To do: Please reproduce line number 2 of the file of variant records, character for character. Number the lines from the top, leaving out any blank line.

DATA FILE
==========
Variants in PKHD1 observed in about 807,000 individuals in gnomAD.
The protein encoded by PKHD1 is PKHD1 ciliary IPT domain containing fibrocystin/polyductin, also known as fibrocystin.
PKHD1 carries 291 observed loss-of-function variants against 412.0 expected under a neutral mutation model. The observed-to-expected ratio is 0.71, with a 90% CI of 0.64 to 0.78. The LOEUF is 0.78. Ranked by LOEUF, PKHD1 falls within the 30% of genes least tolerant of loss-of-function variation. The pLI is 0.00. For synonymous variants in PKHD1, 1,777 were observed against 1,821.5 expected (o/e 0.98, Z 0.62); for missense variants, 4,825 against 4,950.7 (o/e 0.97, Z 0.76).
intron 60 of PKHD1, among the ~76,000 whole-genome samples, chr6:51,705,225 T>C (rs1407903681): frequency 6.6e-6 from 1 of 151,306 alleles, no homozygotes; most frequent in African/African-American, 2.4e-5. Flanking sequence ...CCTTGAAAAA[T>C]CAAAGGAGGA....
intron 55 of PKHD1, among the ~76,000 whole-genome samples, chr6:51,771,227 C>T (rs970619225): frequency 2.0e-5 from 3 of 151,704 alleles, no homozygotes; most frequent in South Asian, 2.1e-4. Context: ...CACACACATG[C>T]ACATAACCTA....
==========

The protein encoded by PKHD1 is PKHD1 ciliary IPT domain containing fibrocystin/polyductin, also known as fibrocystin.